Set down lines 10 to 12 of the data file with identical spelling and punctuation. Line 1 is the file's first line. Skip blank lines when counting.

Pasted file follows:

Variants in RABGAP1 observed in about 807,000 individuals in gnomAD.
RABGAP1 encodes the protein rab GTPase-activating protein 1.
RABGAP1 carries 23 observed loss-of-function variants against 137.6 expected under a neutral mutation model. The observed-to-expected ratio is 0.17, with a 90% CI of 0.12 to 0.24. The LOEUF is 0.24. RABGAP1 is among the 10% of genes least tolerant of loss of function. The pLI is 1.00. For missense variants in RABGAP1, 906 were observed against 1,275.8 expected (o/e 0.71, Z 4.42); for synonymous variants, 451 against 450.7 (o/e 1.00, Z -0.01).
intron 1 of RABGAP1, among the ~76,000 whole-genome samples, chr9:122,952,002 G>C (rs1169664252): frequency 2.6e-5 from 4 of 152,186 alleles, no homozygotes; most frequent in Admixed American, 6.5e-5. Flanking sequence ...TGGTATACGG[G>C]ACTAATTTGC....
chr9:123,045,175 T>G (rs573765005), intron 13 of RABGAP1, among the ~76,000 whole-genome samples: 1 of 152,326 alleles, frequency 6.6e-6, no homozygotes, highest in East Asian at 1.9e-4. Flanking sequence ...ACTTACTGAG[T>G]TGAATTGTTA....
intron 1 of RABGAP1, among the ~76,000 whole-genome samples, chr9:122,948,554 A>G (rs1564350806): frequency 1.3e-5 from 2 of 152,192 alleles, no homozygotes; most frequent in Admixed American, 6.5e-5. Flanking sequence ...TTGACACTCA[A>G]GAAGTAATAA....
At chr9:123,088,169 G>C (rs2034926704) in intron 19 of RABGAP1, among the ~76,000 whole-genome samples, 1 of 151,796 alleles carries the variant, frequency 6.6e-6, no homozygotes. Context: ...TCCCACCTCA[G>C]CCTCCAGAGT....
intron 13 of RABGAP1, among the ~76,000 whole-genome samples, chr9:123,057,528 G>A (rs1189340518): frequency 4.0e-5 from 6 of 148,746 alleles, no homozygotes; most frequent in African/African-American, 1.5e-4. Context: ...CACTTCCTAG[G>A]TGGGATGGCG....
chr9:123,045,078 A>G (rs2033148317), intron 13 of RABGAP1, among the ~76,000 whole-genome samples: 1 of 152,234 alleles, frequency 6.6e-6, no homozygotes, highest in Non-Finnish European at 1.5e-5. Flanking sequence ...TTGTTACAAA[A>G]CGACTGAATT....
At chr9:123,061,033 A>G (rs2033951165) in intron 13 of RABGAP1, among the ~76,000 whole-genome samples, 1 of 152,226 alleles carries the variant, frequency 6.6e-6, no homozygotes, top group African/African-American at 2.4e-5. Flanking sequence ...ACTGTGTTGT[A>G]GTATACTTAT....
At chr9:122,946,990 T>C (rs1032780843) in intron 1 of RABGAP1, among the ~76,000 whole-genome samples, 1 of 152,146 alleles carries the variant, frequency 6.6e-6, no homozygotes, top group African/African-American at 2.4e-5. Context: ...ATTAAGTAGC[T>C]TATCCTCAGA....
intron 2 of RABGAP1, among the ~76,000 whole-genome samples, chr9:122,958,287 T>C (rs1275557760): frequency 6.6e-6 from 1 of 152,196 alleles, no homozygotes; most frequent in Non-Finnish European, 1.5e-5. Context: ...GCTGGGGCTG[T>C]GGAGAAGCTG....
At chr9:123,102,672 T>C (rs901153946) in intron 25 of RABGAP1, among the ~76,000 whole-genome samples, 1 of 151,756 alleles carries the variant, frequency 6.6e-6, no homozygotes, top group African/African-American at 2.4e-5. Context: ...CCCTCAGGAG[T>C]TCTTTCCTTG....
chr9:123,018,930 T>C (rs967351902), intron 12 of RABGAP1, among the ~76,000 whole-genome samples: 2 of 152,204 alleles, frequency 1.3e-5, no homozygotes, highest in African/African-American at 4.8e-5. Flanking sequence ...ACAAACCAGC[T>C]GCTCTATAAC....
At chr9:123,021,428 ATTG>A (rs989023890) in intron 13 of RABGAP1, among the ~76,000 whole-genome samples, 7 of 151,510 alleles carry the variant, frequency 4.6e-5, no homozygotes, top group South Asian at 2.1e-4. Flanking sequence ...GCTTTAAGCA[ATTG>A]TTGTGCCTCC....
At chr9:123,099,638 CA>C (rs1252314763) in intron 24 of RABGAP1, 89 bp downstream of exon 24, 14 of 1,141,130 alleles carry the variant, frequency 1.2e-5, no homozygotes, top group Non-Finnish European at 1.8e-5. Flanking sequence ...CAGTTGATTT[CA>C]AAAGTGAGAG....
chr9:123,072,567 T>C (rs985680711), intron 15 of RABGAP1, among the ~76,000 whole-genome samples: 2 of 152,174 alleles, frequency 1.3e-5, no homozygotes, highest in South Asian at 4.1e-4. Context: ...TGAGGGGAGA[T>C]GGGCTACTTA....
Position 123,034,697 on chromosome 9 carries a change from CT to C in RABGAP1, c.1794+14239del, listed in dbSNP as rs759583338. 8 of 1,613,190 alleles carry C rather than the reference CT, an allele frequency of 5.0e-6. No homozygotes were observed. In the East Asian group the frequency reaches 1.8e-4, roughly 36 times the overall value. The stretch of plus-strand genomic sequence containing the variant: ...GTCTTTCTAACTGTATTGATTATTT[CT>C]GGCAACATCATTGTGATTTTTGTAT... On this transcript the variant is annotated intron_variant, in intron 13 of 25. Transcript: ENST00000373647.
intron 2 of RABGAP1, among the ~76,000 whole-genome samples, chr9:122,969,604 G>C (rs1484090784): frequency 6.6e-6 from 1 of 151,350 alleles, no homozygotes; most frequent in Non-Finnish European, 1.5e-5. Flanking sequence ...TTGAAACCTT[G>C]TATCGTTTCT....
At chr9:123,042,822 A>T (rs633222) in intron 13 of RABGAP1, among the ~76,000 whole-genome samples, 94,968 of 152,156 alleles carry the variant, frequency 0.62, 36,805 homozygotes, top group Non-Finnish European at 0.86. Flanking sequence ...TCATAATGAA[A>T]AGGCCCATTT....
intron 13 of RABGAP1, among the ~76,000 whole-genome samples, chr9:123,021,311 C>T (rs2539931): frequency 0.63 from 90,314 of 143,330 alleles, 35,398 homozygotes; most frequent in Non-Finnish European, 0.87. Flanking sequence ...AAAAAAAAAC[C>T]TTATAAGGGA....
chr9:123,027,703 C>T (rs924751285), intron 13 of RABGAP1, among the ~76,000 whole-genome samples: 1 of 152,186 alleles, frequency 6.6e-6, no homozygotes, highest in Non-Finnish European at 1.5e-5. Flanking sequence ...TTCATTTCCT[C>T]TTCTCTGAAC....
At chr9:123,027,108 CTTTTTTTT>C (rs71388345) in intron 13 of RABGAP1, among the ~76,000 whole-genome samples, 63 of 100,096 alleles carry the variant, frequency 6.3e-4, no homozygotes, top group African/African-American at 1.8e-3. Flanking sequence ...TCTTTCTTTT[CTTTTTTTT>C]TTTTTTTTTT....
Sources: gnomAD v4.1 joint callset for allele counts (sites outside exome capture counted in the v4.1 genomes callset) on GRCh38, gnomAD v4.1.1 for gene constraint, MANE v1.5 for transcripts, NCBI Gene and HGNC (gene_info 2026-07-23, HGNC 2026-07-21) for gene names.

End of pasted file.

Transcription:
At chr9:123,061,033 A>G (rs2033951165) in intron 13 of RABGAP1, among the ~76,000 whole-genome samples, 1 of 152,226 alleles carries the variant, frequency 6.6e-6, no homozygotes, top group African/African-American at 2.4e-5. Flanking sequence ...ACTGTGTTGT[A>G]GTATACTTAT....
At chr9:122,946,990 T>C (rs1032780843) in intron 1 of RABGAP1, among the ~76,000 whole-genome samples, 1 of 152,146 alleles carries the variant, frequency 6.6e-6, no homozygotes, top group African/African-American at 2.4e-5. Context: ...ATTAAGTAGC[T>C]TATCCTCAGA....
intron 2 of RABGAP1, among the ~76,000 whole-genome samples, chr9:122,958,287 T>C (rs1275557760): frequency 6.6e-6 from 1 of 152,196 alleles, no homozygotes; most frequent in Non-Finnish European, 1.5e-5. Context: ...GCTGGGGCTG[T>C]GGAGAAGCTG....